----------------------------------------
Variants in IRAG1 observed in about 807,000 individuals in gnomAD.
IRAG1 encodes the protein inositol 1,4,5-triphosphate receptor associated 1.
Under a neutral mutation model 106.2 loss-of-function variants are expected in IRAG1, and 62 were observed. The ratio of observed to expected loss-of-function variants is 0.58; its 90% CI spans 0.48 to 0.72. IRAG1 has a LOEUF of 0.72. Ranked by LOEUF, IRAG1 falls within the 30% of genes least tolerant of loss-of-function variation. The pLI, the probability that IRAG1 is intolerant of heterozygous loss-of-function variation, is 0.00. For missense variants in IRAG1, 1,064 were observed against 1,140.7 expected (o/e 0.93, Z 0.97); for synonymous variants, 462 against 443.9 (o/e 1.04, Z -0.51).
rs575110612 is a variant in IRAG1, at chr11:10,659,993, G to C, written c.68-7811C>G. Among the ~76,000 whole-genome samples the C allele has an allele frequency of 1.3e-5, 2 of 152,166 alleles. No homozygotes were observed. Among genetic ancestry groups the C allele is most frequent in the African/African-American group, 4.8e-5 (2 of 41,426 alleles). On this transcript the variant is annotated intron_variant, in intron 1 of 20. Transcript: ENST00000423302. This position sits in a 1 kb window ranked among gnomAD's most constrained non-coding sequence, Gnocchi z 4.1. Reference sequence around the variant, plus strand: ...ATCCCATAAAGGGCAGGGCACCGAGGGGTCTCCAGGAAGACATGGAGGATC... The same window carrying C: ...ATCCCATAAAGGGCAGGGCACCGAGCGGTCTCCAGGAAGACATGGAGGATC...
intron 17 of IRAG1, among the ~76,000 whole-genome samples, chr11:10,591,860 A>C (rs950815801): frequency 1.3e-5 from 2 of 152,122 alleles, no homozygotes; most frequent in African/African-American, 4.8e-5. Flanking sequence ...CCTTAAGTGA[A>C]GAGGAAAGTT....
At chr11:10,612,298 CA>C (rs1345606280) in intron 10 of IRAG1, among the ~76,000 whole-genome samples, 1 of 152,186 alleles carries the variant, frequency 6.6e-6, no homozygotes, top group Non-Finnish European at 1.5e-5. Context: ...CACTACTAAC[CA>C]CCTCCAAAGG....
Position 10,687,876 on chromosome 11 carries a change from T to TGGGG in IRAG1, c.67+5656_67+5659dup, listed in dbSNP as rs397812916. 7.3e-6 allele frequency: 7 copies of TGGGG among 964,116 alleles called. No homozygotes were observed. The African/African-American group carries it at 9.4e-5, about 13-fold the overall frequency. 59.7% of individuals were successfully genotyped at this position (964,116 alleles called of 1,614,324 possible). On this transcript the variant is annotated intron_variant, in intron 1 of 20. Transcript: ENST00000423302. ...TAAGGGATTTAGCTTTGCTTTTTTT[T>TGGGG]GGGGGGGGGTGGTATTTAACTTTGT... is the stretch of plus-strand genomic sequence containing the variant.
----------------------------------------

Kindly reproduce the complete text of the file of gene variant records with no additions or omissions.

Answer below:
Variants in IRAG1 observed in about 807,000 individuals in gnomAD.
IRAG1 encodes the protein inositol 1,4,5-triphosphate receptor associated 1.
Under a neutral mutation model 106.2 loss-of-function variants are expected in IRAG1, and 62 were observed. The ratio of observed to expected loss-of-function variants is 0.58; its 90% CI spans 0.48 to 0.72. IRAG1 has a LOEUF of 0.72. Ranked by LOEUF, IRAG1 falls within the 30% of genes least tolerant of loss-of-function variation. The pLI, the probability that IRAG1 is intolerant of heterozygous loss-of-function variation, is 0.00. For missense variants in IRAG1, 1,064 were observed against 1,140.7 expected (o/e 0.93, Z 0.97); for synonymous variants, 462 against 443.9 (o/e 1.04, Z -0.51).
rs575110612 is a variant in IRAG1, at chr11:10,659,993, G to C, written c.68-7811C>G. Among the ~76,000 whole-genome samples the C allele has an allele frequency of 1.3e-5, 2 of 152,166 alleles. No homozygotes were observed. Among genetic ancestry groups the C allele is most frequent in the African/African-American group, 4.8e-5 (2 of 41,426 alleles). On this transcript the variant is annotated intron_variant, in intron 1 of 20. Transcript: ENST00000423302. This position sits in a 1 kb window ranked among gnomAD's most constrained non-coding sequence, Gnocchi z 4.1. Reference sequence around the variant, plus strand: ...ATCCCATAAAGGGCAGGGCACCGAGGGGTCTCCAGGAAGACATGGAGGATC... The same window carrying C: ...ATCCCATAAAGGGCAGGGCACCGAGCGGTCTCCAGGAAGACATGGAGGATC...
intron 17 of IRAG1, among the ~76,000 whole-genome samples, chr11:10,591,860 A>C (rs950815801): frequency 1.3e-5 from 2 of 152,122 alleles, no homozygotes; most frequent in African/African-American, 4.8e-5. Flanking sequence ...CCTTAAGTGA[A>C]GAGGAAAGTT....
At chr11:10,612,298 CA>C (rs1345606280) in intron 10 of IRAG1, among the ~76,000 whole-genome samples, 1 of 152,186 alleles carries the variant, frequency 6.6e-6, no homozygotes, top group Non-Finnish European at 1.5e-5. Context: ...CACTACTAAC[CA>C]CCTCCAAAGG....
Position 10,687,876 on chromosome 11 carries a change from T to TGGGG in IRAG1, c.67+5656_67+5659dup, listed in dbSNP as rs397812916. 7.3e-6 allele frequency: 7 copies of TGGGG among 964,116 alleles called. No homozygotes were observed. The African/African-American group carries it at 9.4e-5, about 13-fold the overall frequency. 59.7% of individuals were successfully genotyped at this position (964,116 alleles called of 1,614,324 possible). On this transcript the variant is annotated intron_variant, in intron 1 of 20. Transcript: ENST00000423302. ...TAAGGGATTTAGCTTTGCTTTTTTT[T>TGGGG]GGGGGGGGGTGGTATTTAACTTTGT... is the stretch of plus-strand genomic sequence containing the variant.